Q & A with 2006 Chef to Watch Slade Rushing

Photo by Randy P. Schmidt

Brennan’s has a slate of very important, historic recipes. How do you balance expectations of longtime diners while keeping the dishes relevant to modern diners (who possibly haven’t had the classic dishes before)? It is very important to respect these old dishes, in a way, by elevating them without losing the integrity of what they were in the past. So, if you can’t improve the dish by either adding freshness or some other new technique, then the dish should be left alone. You have to make it as good or better than the original; otherwise, what’s the point? You’re not really doing the dish justice. The key thing that we do is we always try to give the dish clarity. With the Marchand du Vin sauce, we’ve actually seared porcini mushrooms and arranged those on the plate so you can get a little bite of porcini and you can get a taste of the filet. All the elements are free to speak on their own without being lumped together, but they’re meant to be together, if that makes sense.

So, it’s about being sure all the parts make a better whole? Right. But I’ll say this. What’s interesting is, when I look at this dish, Vadouvan spice has more toasted shallots and more mustard seed. It’s a French curry blend, but what I like about it is that those two things, the mustard seed and the shallot, go well with the horseradish element, and the yogurt is kind of a cooling effect, which is very typical with Indian food or Middle Eastern food. So, it all kind of works together in harmony with the horseradish, which goes great with the mustard seed and shallot and goes great with prime rib and horseradish sauce. It all kind of has some sort of familiarity to it to where it all works.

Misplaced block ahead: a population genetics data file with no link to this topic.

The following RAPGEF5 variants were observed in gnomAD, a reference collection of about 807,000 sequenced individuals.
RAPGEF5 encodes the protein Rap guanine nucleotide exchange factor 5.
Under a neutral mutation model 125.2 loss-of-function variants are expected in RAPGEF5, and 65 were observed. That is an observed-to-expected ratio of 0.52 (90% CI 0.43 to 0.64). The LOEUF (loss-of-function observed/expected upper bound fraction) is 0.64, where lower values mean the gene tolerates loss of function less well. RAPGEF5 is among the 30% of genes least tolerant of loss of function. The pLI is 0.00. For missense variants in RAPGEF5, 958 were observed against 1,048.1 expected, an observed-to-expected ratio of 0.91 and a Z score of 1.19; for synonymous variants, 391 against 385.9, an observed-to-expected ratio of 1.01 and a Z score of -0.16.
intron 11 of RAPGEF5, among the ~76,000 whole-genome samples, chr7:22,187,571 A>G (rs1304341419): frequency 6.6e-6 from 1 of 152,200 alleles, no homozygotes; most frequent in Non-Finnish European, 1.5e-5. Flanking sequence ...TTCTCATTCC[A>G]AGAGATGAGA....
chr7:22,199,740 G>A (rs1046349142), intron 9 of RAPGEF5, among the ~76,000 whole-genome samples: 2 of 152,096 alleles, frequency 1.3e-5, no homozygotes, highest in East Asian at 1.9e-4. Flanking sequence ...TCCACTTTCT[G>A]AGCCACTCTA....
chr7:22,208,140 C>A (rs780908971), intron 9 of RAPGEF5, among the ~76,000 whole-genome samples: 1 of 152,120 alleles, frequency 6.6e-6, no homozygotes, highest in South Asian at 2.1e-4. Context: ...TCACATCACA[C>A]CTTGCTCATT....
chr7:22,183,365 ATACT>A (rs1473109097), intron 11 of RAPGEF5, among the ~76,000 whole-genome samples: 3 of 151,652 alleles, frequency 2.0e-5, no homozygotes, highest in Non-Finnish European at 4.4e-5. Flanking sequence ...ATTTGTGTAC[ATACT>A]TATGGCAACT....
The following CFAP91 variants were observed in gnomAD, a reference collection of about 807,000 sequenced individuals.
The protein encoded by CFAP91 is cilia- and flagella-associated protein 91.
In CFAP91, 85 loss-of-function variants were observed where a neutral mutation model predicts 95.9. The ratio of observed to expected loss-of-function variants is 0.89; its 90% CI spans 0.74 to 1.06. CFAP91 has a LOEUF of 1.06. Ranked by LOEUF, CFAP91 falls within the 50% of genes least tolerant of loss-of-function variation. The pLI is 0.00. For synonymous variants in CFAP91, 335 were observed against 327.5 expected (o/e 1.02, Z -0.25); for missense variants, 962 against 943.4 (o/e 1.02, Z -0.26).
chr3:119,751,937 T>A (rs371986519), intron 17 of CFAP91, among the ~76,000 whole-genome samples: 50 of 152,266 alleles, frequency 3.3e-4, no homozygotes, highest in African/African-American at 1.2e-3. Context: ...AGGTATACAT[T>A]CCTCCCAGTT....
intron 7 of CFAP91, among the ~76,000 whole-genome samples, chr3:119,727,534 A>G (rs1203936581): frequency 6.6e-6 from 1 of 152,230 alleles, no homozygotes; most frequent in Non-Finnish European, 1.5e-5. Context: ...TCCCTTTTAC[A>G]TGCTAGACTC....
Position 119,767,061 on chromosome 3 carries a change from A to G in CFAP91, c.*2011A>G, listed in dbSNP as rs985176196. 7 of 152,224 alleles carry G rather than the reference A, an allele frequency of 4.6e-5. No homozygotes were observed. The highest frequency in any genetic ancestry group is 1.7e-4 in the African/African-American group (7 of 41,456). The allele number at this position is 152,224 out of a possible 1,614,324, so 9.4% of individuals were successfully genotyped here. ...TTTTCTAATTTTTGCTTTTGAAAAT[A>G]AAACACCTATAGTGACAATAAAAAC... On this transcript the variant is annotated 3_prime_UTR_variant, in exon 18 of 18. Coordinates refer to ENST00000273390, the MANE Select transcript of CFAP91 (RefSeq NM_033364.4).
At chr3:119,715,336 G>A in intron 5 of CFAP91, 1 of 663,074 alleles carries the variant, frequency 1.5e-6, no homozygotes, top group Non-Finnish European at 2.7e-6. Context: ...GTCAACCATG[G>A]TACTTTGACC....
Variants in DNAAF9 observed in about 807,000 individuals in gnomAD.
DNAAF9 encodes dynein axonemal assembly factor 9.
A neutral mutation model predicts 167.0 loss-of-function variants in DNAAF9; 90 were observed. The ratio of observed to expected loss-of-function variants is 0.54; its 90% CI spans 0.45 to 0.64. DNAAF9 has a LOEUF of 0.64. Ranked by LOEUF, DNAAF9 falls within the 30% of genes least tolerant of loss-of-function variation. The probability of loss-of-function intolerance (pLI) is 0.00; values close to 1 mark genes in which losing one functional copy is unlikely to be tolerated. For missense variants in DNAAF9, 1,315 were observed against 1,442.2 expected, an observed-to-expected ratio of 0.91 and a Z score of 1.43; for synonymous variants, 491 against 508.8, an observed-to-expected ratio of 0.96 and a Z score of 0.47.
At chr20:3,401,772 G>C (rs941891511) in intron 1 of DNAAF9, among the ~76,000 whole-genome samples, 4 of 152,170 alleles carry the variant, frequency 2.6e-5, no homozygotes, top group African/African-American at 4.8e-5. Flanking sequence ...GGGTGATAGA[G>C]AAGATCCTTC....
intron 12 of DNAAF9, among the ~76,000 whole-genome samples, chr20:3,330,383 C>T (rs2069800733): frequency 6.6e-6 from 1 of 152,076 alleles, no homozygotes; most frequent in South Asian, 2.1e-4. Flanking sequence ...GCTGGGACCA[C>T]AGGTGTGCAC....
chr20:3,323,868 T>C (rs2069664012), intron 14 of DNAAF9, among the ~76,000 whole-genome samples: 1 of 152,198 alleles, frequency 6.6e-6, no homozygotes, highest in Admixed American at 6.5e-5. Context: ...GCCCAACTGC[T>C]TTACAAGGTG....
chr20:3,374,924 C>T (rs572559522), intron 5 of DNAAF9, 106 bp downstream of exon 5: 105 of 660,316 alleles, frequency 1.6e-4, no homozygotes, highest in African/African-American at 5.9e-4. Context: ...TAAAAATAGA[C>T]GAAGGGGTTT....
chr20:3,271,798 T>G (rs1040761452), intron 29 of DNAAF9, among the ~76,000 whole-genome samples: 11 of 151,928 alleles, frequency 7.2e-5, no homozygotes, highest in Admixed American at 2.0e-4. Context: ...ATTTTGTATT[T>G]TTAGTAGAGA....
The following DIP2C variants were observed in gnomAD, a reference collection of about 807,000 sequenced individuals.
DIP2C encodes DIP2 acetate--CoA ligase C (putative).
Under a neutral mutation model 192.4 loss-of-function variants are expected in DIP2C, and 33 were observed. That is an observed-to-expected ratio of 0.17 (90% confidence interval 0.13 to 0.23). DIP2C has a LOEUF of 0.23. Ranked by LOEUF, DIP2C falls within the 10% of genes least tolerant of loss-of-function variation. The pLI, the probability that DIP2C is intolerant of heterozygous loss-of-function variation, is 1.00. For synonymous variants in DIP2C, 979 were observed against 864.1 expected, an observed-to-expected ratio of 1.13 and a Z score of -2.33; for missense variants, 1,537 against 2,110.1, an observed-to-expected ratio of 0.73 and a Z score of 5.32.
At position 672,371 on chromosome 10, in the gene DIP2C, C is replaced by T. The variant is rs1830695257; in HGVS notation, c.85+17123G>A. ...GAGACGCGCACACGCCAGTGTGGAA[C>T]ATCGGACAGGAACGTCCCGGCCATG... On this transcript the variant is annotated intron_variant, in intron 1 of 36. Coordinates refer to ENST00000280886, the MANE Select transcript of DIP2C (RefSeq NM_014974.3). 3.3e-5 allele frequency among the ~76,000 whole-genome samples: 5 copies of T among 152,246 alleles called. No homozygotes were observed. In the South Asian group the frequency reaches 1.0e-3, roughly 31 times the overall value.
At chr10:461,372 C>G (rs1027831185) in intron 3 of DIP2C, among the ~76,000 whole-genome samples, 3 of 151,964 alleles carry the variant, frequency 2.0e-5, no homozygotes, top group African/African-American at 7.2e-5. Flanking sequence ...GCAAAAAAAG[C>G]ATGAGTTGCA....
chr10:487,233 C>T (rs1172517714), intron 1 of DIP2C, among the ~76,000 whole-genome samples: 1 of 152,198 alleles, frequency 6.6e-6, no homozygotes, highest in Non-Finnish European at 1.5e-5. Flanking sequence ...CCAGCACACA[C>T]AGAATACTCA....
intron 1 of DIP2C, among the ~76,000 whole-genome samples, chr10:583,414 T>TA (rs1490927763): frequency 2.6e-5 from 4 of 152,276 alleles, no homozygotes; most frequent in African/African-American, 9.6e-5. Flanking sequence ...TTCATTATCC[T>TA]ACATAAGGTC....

Have there been any classic Brennan’s recipes that you feel like you can’t change? Bananas Foster is something that I have done takes on before, but I don’t dare try to change the original here because it can’t be improved. It works. It’s a great combination of flavors, and it’s exactly what it’s supposed to be. Bananas Foster is so much of a show. It’s the aroma from the flambéed action tableside. It fills the room with this amazing smell…. People know they’re at Brennan’s when they walk through that front door. It doesn’t need to be changed. It’s truly great. But we updated a lot of [other] things. For instance, the Soft-Shell Crab Chârtres. We’ve done it our way. We are using our own Canadian bacon. We’re using fresh cherry tomatoes. Again, we’re talking about the refinement or lightening up of some of these dishes. We’ve come up with our own new turtle soup. Our gumbo’s slightly different. But the Bananas Foster is the untouchable.

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